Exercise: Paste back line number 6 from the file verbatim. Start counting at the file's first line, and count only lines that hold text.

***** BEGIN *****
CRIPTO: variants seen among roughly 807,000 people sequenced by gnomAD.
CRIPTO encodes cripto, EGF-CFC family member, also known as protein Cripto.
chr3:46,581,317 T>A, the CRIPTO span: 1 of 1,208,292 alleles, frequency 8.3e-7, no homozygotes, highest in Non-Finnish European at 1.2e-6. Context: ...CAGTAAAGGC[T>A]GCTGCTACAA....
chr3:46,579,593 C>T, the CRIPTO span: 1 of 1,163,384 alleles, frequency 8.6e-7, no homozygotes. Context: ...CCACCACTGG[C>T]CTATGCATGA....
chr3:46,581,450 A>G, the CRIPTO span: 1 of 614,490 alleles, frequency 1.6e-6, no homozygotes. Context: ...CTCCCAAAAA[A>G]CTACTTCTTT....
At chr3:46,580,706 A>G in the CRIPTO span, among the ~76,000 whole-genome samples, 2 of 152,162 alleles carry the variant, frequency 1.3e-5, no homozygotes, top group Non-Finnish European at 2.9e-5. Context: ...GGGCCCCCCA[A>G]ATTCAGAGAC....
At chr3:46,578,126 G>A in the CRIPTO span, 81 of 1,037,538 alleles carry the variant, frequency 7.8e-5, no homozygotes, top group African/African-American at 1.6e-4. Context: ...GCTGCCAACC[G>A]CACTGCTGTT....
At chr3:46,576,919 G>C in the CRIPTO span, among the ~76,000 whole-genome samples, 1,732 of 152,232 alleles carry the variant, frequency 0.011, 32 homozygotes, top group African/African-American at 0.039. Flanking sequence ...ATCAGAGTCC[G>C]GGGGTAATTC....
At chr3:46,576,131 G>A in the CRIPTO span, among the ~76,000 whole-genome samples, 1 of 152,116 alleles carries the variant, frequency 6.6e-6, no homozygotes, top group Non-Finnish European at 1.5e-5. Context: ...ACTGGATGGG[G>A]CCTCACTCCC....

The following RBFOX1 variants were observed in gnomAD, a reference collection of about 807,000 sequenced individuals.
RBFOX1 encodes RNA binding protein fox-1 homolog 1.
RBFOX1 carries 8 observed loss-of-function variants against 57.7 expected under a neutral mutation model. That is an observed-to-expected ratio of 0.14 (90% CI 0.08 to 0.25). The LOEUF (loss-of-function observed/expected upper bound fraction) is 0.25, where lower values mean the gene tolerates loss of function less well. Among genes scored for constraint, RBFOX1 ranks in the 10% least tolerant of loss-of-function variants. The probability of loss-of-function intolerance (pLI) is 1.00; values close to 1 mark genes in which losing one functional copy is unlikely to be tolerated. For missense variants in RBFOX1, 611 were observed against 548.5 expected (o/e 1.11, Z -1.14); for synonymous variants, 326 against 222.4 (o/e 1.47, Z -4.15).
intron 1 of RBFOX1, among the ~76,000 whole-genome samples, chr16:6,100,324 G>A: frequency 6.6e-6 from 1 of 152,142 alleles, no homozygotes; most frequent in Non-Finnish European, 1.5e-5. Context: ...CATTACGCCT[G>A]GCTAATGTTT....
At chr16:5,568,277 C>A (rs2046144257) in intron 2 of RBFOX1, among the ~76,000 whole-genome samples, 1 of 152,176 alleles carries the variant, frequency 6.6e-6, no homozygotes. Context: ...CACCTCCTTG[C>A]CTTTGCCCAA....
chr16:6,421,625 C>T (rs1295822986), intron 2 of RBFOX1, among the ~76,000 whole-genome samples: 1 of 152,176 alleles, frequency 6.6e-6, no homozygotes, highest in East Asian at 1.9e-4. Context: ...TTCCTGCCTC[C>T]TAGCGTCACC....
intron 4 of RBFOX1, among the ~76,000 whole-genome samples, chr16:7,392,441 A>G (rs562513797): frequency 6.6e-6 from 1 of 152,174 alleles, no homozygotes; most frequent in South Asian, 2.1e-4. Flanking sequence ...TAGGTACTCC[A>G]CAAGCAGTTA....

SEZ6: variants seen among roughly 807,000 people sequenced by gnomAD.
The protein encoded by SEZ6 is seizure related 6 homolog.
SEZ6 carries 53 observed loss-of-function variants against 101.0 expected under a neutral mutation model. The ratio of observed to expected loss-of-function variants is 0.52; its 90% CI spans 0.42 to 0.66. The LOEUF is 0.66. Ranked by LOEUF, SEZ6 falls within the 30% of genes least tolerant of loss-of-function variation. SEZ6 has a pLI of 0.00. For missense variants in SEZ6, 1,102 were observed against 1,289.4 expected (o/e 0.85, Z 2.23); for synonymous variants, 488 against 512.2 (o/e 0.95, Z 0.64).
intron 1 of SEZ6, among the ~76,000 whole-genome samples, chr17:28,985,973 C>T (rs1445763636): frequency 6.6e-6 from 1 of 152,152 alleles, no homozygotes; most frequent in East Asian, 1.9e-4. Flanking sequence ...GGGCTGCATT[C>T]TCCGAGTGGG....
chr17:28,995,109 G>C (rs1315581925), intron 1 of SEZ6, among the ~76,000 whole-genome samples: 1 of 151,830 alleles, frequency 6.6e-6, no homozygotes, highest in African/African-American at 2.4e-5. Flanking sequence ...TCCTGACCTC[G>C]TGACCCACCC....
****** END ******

At chr3:46,580,706 A>G in the CRIPTO span, among the ~76,000 whole-genome samples, 2 of 152,162 alleles carry the variant, frequency 1.3e-5, no homozygotes, top group Non-Finnish European at 2.9e-5. Context: ...GGGCCCCCCA[A>G]ATTCAGAGAC....